In Portugal, the government reformed the country’s anti-drug laws while remaining consistent with the terms of the Single Convention. In 1971, the Single Convention on Narcotic Drugs was changed to allow nations to choose not to punish drug users, but to offer them treatment, therapy, medical care, rehab, and education instead. Portugal took advantage of these provisions and opted to decriminalize drug use in 2000, offering drug users treatment as per amended Single Convention. Recent reports have shown that drug use has dropped in Portugal since decriminalization was implemented.

Drug reform at the national level is possible, as demonstrated by the actions of progressive European and South American nations, but true, widespread drug reform is only possible with changes to the Single Convention and its terms.

Core Exceptions

There are two major drug allowances in the Single Convention:

  1. Medicinal purposes, and
  2. Scientific research.

In fact, the Single Convention makes it explicitly clear that the use of narcotics for medical care is indispensable. By default, then, signatory nations can implement the Single Convention on Narcotic Drugs with a built-in exception for medical drug use. For example, countries may legalize the use of morphine to alleviate pain.

Remember that international law is a baseline. In many signatory nations, medical cannabis is illegal. In the United States, most states have legalized the use of medical cannabis, but the federal government continues to officially prohibit its use (while allowing states to implement their own laws). Furthermore, a growing number of states, including California and Massachusetts, have even legalized the recreational use of marijuana, despite federal prohibition.

Because the states have varying laws, the enforcement of medical cannabis laws in the United States can lead to difficult and often confusing situations. For example, federal law specifically prohibits transportation of narcotic substances, and as there’s no federal recognition of medical cannabis, transporting medical cannabis across state lines is technically a violation of federal law. Therefore, you should never transport medical cannabis across state lines, even with a valid state license -- you may be found criminally liable for narcotics trafficking.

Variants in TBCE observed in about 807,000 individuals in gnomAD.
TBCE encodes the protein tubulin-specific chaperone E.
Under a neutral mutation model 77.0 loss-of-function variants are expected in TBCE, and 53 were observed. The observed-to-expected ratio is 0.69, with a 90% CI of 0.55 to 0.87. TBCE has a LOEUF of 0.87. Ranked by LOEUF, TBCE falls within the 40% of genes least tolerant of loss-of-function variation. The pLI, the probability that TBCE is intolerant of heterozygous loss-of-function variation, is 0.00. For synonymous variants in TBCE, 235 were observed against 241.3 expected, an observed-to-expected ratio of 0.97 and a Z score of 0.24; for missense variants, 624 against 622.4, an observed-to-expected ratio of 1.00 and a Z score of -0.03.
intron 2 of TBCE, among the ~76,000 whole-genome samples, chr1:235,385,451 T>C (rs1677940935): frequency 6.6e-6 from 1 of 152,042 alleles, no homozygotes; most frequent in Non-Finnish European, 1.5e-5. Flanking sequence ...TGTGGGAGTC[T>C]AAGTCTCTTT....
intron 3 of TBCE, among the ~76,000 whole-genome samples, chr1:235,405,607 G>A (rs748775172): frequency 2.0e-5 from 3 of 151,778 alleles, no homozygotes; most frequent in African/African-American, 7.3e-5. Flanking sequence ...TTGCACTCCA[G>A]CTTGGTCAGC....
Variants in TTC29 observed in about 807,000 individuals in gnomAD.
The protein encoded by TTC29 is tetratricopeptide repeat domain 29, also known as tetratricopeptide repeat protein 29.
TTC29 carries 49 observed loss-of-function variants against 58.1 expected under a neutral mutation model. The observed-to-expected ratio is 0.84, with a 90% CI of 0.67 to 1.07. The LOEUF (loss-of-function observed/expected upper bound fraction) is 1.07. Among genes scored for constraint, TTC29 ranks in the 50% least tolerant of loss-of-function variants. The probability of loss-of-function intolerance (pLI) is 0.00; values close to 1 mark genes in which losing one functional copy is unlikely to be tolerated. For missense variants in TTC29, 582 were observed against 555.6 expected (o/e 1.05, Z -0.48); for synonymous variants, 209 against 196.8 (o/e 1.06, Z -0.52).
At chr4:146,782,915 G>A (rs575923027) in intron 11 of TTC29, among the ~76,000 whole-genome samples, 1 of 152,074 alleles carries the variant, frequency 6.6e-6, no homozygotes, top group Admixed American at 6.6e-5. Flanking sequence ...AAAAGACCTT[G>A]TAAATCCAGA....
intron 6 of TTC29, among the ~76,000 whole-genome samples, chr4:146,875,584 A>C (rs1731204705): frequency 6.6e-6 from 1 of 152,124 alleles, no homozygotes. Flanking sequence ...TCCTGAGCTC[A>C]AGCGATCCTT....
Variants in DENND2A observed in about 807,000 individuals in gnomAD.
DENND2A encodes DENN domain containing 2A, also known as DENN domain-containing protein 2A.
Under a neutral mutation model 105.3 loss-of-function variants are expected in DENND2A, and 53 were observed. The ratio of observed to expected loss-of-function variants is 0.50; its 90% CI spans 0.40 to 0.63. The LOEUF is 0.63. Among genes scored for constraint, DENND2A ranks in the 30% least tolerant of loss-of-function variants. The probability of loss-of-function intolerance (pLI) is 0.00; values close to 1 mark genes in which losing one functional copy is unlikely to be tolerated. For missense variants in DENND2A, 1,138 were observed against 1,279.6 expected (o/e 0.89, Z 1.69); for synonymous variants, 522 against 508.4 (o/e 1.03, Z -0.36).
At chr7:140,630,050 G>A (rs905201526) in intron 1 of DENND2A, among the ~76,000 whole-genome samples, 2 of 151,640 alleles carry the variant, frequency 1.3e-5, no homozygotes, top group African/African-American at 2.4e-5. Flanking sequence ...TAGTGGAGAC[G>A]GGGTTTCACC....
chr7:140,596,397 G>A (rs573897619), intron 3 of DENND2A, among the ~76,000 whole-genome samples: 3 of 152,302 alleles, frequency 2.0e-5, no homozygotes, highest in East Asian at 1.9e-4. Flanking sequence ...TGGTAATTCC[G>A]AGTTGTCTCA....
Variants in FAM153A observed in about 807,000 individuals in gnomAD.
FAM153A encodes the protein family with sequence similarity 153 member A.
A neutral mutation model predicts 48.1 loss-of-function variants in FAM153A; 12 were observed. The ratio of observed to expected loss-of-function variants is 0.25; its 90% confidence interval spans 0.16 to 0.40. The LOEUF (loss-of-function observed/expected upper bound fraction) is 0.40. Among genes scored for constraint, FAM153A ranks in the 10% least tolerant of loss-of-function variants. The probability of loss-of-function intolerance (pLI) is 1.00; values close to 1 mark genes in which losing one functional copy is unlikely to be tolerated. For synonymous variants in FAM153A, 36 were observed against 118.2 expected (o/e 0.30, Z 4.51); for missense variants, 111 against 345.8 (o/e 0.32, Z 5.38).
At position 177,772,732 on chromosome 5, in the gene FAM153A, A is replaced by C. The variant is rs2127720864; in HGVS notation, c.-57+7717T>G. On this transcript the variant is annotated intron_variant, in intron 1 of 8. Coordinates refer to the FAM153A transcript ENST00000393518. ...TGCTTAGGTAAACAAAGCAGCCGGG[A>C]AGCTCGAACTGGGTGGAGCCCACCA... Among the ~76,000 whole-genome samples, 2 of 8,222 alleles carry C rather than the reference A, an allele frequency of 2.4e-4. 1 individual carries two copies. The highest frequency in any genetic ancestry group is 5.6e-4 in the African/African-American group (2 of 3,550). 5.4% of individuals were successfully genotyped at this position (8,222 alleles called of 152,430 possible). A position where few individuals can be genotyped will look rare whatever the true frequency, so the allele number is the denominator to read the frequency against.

Where Is Reform Headed?

Despite mounting pressure from international organizations looking to change the Single Convention so that reform can be implemented at the national level, the treaty remains with its provisions largely intact. Circumventing the treaty, rather than outright rejecting or reforming it, seems to be the primary strategy of many reform-minded nations and organizations in recent years.

Since the 1970s, several organizations have argued that illegal possession as described in Article 36 of the Single Convention is limited to possession for the purposes of trafficking or dealing drugs, as opposed to personal use. These broader interpretations of the Single Convention have become more prominent as drug policies become increasingly more progressive worldwide, and as nations look for ways to reform their drug laws without violating the treaty.

Have A Drug Law Issue? Get Legal Help

While the Single Convention on Narcotic Drugs created an international basis for many U.S. drug laws, there have been efforts to reform those laws especially among the different states. To learn more about the drug laws in your state or to obtain help with a criminal case, you should reach out to an experienced drug crime attorney in your area.